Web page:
The Rules

I read recently about a Christian woman who asked her unbelieving friend what she had against Jesus.  The friend replied “Oh, I have no problem with Jesus.  It’s just everthing SINCE Jesus that I have a problem with!”  I think this is true for a lot of people.  Faith in Christ is one thing.  The religion that has developed in Christ’s name is something else again.

To me, a formal religion is defined by two things:  To Whom do you pray?  and What are your rules?  As we look at the history of the church, we can see that many different rules have come into play that have little if anything to do with Jesus.  Oftentimes these rules have done more to drive people away from faith than to strengthen their spiritual lives.

Rules were a major part of church experience when I was a child.  I’m sure they weren’t written down anywhere, but they were certainly prominent and consistent in the little fundamentalist church I attended.  They didn’t make much sense to me then, and even less sense today.  Here are some of the rules that were enforced in my church and my home:

1-      No card playing.  No game that used the classic playing cards (aces, clubs, hearts, and diamonds) was acceptable.  However, if we played the same games with cards that looked different (e.g., Rook) that was OK.

2-      No movies at the theaters.  But most of us watched a lot of TV.

3-      No drinking alcohol.  I remember hearing sermons that said that Jesus drank only unfermented grape juice.  Of course, there is no historical or translational basis for that assertion.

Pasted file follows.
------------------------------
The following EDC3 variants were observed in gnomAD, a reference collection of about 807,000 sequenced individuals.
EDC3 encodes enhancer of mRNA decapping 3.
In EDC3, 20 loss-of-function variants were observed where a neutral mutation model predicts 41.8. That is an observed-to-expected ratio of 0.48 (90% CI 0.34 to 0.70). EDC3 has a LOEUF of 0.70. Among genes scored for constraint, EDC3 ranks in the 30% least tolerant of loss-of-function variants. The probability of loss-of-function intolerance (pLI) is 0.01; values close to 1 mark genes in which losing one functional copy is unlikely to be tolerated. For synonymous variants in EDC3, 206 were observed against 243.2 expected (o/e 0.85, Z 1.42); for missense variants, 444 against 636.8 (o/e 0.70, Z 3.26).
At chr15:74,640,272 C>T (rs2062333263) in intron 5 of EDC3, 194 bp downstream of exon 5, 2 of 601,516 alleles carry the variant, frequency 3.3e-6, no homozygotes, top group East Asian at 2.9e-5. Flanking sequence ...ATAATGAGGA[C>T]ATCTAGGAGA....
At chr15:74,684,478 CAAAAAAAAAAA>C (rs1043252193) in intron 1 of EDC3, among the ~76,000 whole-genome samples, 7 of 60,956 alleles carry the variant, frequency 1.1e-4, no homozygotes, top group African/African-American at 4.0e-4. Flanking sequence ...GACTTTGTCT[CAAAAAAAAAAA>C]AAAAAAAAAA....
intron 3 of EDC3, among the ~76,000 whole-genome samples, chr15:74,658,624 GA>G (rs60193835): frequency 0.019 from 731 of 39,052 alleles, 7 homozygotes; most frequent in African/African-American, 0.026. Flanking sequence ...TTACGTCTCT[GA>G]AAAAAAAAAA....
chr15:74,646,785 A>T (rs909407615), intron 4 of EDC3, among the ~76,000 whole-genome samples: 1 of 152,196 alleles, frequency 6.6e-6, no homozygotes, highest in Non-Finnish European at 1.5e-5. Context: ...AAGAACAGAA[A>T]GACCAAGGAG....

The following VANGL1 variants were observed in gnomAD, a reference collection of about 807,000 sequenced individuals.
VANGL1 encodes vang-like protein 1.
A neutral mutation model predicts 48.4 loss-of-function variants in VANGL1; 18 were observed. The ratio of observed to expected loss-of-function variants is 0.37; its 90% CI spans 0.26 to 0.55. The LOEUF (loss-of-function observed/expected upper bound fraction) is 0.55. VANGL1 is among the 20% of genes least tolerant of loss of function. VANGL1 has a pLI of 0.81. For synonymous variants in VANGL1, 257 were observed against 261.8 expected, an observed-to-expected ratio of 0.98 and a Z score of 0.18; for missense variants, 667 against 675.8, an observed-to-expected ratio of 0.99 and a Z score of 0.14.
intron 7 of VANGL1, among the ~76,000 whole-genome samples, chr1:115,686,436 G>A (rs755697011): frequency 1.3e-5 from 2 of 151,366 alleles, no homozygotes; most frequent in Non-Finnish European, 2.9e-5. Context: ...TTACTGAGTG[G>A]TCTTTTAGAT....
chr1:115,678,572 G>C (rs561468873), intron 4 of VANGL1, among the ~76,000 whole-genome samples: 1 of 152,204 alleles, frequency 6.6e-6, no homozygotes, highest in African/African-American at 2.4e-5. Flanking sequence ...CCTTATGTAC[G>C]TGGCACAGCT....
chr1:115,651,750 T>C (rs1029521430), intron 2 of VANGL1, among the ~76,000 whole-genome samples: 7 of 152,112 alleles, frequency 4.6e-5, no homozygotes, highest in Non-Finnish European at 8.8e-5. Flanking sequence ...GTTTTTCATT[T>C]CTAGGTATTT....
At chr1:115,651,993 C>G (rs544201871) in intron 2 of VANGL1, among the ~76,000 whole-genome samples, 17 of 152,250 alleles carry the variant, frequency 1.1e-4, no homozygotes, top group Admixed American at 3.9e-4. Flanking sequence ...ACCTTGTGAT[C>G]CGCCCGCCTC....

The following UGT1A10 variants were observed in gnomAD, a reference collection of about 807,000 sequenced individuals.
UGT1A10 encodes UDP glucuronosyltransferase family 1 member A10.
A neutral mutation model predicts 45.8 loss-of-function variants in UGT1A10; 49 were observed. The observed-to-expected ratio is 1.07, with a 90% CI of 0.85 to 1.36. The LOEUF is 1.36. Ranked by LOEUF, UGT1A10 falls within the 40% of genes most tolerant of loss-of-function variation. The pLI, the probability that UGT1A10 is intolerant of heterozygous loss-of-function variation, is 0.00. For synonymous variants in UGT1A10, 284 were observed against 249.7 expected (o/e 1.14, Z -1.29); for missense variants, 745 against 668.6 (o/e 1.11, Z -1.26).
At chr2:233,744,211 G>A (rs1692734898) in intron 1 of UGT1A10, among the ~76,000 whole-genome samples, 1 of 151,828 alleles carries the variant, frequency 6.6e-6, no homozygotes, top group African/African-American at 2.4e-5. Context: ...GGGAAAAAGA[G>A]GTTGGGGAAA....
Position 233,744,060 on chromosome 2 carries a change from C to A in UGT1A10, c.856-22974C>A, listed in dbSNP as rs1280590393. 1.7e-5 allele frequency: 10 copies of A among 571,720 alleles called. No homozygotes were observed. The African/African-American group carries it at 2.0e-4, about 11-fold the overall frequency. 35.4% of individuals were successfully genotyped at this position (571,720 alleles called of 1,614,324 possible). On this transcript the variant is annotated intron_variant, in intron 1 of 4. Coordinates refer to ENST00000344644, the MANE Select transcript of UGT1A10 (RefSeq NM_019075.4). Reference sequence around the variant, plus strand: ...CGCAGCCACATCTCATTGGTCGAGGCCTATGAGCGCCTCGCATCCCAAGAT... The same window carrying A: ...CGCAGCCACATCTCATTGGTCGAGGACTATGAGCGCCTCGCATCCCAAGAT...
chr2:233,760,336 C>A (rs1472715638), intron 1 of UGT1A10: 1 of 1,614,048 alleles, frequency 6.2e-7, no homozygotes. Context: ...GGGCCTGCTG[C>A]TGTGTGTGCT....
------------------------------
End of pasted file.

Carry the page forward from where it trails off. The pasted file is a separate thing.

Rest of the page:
4-      No dancing.  But the church actually sponsored roller skating parties where it was fine to skate with a partner.

Just when I thought I had heard all the rules, a high school friend declined my invitation to play a game of chess.  She said her church had a rule against that.  That one really baffles me.

Those rules that I experienced as a child were really pretty harmless.  However, in the history of the church there have been some rules and practices that were much more damaging.  The rules that led to the Inquisition and the witch burnings are probably the most egregious.

Jesus gave us only the simplest of rules:  Love God, and love our neighbors.  I’m sure that most of  the rules that the church has added to Christian faith and practice since then have been intended to help us in our spiritual walk.  But the rules themselves can easily become the primary focus in our lives.  People can even fool themselves into thinking that adherence to a given set of rules is what saves us.  I believe that Christianity would be much more vibrant today if there were less focus on The Rules, and more focus on The Ruler.

One comment on “The Rules

  1. rdbiondi1 says:

    I concur!

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